Mat Basikal and his negligent parents
The proliferation of illegal races indicates that there is no will, political or otherwise, to resolve the problem.

By Mariam Mokhtar

Will politicians find the political will to resolve the Mat Basikal menace before more deaths occur? When will the police treat the Mat Basikal menace as a priority?

On 28 October, 24-year-old sales promoter, Sam Ke Ting, was acquitted of driving recklessly, before a road accident which resulted in the deaths of eight teenagers. The accident happened at Jalan Lingkaran Dalam, in Johor Bahru, at 3.20 am on 18 February 2017.

The magistrate, Siti Hajar Ali, said that the prosecution had failed to establish a prima facie case against Sam, so she was not called to the stand. Siti Hajar ordered the immediate return of Sam’s driving licence and the RM10,000 to be returned to her bailor.

The court had based the decision on many factors, which included the dark and winding road, the large tree which obscured the road lighting, the presence of the scores of cyclists, some of whom were racing on their modified bicycles, known as “basikal lajak.”

A bicycle lajak has the handlebars lowered to the same height as the seat so that the rider can lie flat on the seat, and stretch his arms to reduce wind resistance, in what is known as the “superman” pose.

One must question if the parents of the teenagers were aware of their children’s activities, at 3 am in the morning. Similarly, one should ask the parents of Aminulrasyid Amzah, who was shot by the police for jay riding, if they knew what he did at night. He did not deserve to be shot or to die.

Children should not be out at night, and be racing illegally on the highway, at 3 am in the morning.

When Sam’s accident was reported, many irresponsible people tried to class this as a racist incident, because the driver was Chinese and the victims were Malay. It was not racist. They failed to understand that irresponsible children and their equally irresponsible parents were at fault.

These irresponsible people tried to say that Sam was speeding. How did they know? Were they able to measure the speed of the car before the crash?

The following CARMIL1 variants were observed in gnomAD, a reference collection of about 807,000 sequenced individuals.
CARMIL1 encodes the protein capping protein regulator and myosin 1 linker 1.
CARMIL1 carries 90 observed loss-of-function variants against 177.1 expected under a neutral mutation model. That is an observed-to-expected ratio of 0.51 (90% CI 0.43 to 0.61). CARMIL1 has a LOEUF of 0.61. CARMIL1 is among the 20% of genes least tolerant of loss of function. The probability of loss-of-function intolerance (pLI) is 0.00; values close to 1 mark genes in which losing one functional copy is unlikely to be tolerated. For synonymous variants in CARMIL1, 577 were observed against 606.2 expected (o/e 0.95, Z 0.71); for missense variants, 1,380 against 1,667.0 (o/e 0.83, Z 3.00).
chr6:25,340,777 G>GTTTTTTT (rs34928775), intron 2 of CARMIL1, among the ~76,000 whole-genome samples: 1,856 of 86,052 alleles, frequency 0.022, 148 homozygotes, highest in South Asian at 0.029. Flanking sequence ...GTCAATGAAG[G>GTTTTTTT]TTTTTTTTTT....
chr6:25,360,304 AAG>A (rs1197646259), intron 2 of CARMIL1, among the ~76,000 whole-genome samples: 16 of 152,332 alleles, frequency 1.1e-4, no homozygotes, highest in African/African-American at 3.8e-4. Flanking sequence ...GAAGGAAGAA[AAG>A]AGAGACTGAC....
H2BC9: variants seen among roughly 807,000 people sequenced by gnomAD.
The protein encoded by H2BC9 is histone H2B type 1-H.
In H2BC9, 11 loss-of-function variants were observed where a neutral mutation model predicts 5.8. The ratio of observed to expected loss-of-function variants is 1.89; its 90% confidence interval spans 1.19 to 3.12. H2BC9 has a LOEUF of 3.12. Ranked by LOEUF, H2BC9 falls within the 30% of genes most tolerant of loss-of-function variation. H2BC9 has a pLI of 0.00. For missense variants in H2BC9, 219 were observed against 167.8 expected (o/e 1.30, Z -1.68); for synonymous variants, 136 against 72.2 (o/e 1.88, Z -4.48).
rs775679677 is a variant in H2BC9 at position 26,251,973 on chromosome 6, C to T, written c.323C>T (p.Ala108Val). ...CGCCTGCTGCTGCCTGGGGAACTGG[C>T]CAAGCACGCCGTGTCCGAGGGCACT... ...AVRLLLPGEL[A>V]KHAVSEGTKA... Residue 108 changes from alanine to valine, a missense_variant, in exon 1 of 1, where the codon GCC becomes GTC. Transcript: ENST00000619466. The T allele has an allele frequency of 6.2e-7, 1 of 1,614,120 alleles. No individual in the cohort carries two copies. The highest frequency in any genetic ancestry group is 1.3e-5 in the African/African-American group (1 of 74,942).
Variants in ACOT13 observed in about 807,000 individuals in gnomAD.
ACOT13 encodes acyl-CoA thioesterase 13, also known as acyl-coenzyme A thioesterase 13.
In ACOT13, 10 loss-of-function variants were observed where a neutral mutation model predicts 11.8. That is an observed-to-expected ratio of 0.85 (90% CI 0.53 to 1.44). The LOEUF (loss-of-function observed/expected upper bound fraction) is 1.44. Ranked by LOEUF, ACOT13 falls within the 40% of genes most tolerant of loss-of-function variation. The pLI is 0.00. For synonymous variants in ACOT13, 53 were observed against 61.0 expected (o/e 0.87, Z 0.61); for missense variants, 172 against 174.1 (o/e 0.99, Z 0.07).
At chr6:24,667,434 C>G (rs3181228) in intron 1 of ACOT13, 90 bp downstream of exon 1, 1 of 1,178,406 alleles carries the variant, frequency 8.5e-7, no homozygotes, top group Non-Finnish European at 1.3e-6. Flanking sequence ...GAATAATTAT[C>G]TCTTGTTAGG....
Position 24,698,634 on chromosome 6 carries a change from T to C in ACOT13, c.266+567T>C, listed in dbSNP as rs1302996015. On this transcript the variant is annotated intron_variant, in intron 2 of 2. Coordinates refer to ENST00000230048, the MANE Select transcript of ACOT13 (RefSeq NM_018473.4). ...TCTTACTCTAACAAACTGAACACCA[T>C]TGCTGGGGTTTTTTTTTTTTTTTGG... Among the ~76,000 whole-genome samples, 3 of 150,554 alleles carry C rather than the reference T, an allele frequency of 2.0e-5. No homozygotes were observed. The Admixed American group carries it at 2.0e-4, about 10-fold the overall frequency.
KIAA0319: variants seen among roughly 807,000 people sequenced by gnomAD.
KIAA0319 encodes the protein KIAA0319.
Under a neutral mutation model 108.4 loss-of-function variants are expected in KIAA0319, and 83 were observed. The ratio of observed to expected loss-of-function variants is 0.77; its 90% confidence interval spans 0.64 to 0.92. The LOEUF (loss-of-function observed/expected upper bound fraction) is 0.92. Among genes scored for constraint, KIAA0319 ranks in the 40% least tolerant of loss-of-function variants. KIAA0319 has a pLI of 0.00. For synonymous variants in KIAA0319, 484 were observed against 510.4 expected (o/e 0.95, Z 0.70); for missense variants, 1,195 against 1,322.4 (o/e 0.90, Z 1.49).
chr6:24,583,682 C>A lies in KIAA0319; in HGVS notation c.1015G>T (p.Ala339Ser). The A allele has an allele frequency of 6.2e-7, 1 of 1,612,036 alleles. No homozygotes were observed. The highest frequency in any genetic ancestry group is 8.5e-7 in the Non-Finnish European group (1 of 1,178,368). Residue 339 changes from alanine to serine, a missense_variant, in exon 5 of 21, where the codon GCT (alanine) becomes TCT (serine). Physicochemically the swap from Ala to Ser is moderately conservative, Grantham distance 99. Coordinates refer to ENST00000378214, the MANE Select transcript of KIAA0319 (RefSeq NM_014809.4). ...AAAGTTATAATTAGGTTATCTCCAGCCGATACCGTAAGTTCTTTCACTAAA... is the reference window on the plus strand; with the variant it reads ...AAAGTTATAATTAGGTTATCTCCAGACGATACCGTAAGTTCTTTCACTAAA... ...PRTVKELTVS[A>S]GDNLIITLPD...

Some of the irresponsible teenagers, who were injured, claimed that Sam was using her mobile phone whilst driving. Subsequent investigations showed that she was not speeding and was not using her mobile phone.

Such was the animosity towards Sam, that some bigots tried to organise a protest rally and at least one member of the Johor royal family, warned people not to spread hate.

The bicycling tragedy in Johor Bahru was an accident waiting to happen. The police have tried unsuccessfully, to disperse the cyclists on numerous occasions; but, the boys on their basikal lajak, quickly disappeared at the first sign of a police car.

The cyclists should not be on the dual carriageway. They should not be bunched in the middle of the road, nor congregate on the central divider.

Any road user who has come across these road menaces, will know that the Mat Basikals and Mat Rempits do not care about road safety, they are not visible and they weave in and out of traffic, oblivious to the danger they pose to others, and to themselves. Many of the youths involved are school dropouts.

Many Mat Rempits and Mat Basikal accidents involve Malay children. What happened to responsible parenting? Why are many of these parents in denial?

When you tell a Malay parent that his child is riding dangerously, and may cause an accident, he will say, “If it is God’s will, then so be it”.

Everything is decided by
takdir (fate), but he fails to understand that God wants him to help himself.

There were two notable responses, from the parents of some of the injured cyclists of that accident two years ago.

One father, whose son sustained injuries to his hip, admitted that he had been reluctant to “excessively control” his son. He feared that his son would be “stressed out” if he were to be admonished by his parents.

He admitted that his son, had, on several occasions, disobeyed him and sneaked out of the house at night.

One mother begged the public to stop blaming the parents and the victims. She felt that it was unfair of the public to blame the parents for neglecting their children.

She is right. The children are not neglected, but they have been over-indulged.

When a Malay parent excuses his wrongdoings with
“takdir Tuhan” (divine intervention) he is absolving himself of any responsibility.

The proliferation of illegal races indicates that there is no will, political or otherwise, to resolve the Mat Basikal problem nor the Mat Rempit menace. Many races involve syndicates and millions of ringgits change hands at these events. Will the IGP act before more deaths occur?

Punish the parents, especially those whose children are under the age of 18, and are involved in illegal racing. Perhaps, the parents will be moved to discipline their children and resolve the danger they cause on the roads. Act now, before the Mat Basikals learn to ride
kapcais and become Mat Rempits.


1. New Straits Times:
Salesgirl freed in Johor’s ‘basikal lajak’ accident

2. MalaysiaKini:
Police deny woman who rammed cyclists was on mobile phone

3. MalaysiaKini:
Johor prince slams hate campaign in bicycle tragedy

4. Free Malaysia Today:
Injured cyclist: Driver was speeding, using handphone

5. The Star:
Family of Aminulrasyid, who was killed by police, finally gets justice after eight years

6. Free Malaysia Today:
Stop blaming us, say parents of cycling tragedy victims

7. Malay Mail:
Police may call in parents whose children keep riding illegally modified

8. Malay Mail:
Modified bicycle accidents: Integrated enforcement by police, JPJ needed

Mariam Mokhtar
is a Freelance Writer.)

Read More